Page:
WHEN I DRESSED TO KILL

by  ADEMOLA ABDULHAMID OLAOLUWA

Less than a decade ago, I do ask myself questions whenever I sat down at the darkest part of my room that have I really separated the chaff from the grain? Being a Muslim youth, what is my responsibility? What is expected of me to do and not to do? But now, years on and putting pen to paper, I don’t know where to start but I guess I should start from where it would be clear. I believe every step in life is like a chapter right from birth till death – Painfully, a lot of Muslim youths do not discover this throughout their youthful age and may carry this ignorance till old age.
At this chapter in my existence, as a university undergraduate where I have the privilege to meet Muslim brothers consciously and accidentally, I have been looking up to them; imbibing their ways and etiquette of practicing the Sunnah according to the Kitab and Sunnah of the prophet (). I tried my best to grab all the Islam I could get off (from) them by listening to them patiently and understudying a number of individuals amongst them. However, I came to a conclusion that heroism and mentoring could at times be dangerous, that in as much as I gained much from them, I also imbibed from some, certain not quite Islamic attitudes, which further investigations may reveal have only a shaky basis in Islam.

Today, looking back into the past and with a bit of experience, I have discovered that there is a tendency for Muslim youths who tend to rediscover Islam to blindly follow their mentors. The correct approach would rather be the approach of the prophet (Peace and blessing be on to him) which was the middle course. Allah says: “And, {moreover}, this is My path, which is straight, so follow it; and do not follow {other} ways, for you will be separated from His way.” (Al – an’aam : 153)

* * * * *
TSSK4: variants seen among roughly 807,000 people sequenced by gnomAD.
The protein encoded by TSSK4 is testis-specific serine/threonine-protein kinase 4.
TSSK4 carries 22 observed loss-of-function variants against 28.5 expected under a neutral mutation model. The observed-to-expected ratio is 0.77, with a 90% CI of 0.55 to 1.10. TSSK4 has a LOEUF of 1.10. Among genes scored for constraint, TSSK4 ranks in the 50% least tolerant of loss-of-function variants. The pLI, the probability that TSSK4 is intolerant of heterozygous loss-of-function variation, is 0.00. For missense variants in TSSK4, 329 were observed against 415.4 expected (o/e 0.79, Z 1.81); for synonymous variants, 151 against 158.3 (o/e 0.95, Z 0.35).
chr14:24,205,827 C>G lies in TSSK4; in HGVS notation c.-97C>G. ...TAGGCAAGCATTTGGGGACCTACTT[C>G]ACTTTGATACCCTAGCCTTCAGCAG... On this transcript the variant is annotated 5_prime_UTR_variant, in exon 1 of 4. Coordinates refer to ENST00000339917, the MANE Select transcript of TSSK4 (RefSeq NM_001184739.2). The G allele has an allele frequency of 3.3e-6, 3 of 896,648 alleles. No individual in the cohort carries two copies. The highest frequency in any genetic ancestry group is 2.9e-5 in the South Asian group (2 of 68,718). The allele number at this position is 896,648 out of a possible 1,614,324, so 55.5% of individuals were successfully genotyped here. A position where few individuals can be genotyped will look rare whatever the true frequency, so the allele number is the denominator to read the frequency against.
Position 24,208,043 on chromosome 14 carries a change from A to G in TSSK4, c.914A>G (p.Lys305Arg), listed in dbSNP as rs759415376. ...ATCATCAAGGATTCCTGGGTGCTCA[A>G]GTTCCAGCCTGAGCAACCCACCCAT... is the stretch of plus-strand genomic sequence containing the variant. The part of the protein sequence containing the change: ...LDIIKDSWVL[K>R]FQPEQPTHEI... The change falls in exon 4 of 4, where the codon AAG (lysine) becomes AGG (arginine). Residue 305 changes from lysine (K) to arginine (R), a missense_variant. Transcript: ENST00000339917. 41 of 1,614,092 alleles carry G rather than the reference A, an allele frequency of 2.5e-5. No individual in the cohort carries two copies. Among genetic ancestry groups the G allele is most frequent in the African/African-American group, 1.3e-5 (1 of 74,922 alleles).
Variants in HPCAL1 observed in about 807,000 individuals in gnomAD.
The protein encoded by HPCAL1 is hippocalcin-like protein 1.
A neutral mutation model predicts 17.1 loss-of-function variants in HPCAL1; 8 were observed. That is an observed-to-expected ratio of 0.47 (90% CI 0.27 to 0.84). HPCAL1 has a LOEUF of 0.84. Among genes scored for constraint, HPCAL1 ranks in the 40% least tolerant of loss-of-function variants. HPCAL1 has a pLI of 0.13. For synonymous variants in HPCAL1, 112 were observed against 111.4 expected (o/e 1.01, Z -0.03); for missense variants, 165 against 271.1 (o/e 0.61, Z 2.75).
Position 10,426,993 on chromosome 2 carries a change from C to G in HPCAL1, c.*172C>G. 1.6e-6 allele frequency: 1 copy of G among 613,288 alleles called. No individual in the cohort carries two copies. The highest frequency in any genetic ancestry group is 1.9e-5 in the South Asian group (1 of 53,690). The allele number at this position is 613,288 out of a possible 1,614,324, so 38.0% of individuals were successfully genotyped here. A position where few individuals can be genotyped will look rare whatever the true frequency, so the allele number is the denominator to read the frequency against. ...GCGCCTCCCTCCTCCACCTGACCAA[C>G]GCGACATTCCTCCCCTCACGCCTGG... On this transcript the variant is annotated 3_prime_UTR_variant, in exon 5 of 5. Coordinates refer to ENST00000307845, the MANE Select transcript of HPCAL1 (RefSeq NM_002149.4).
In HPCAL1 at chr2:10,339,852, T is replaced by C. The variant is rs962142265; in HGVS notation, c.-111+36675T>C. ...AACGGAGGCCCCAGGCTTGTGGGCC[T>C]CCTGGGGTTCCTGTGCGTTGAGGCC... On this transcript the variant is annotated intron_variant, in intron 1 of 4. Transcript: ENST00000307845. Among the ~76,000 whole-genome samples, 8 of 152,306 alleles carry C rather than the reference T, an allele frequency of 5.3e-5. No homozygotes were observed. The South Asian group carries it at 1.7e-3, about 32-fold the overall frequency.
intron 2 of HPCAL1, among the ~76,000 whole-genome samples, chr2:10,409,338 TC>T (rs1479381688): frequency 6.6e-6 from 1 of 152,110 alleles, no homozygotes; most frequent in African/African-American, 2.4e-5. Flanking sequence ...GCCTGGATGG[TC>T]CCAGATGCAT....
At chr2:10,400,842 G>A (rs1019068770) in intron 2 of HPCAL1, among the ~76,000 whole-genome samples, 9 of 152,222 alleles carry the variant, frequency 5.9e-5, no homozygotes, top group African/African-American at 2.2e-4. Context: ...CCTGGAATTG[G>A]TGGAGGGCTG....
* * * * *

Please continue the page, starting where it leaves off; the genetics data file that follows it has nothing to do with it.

I also had several sessions in the company of non-Muslim friends. One scene of note during one of my companies with them happened in my room. We were having a discussion on “Dressing to kill”. At this time, my array of clothes consist of well-worn Jalabiyas, good but ruffled native wears, old caps and any other cloth that was definitely ‘offensive’ to the eye and clearly unattractive. I had come to the conclusion that “to be scruffy was to be pious”. As a result, my uncombed beard was a sign of faith. In the course of our discussion, I was referred to and asked questions like “Alfa why are your trousers going up these days, hope you have not joined teblik?”, “Why is your beard not shaved? “,” Why do you stop watching film?” I answered all their questions satisfactorily, for I had learnt then to answer questions with evidences and I made it clear the subject of their question is part of my deen.

A beneficial digression now; It is quite unfortunate that fellow Muslims will sometime argue ignorantly against leaving the beards and raising the trousers. The prophet said shaving the beard is an act of disobedience to Allah (subhanalah wataalah) as expressed in his words: “closely trim the moustache, and spare the beard” (Al-Bukhari, Muslim and others). This is an explicit command which indicates that it is compulsory to grow the beards.

Advertisements

Add a Comment

Fill in your details below or click an icon to log in:

WordPress.com Logo

You are commenting using your WordPress.com account. Log Out / Change )

Twitter picture

You are commenting using your Twitter account. Log Out / Change )

Facebook photo

You are commenting using your Facebook account. Log Out / Change )

Google+ photo

You are commenting using your Google+ account. Log Out / Change )

Connecting to %s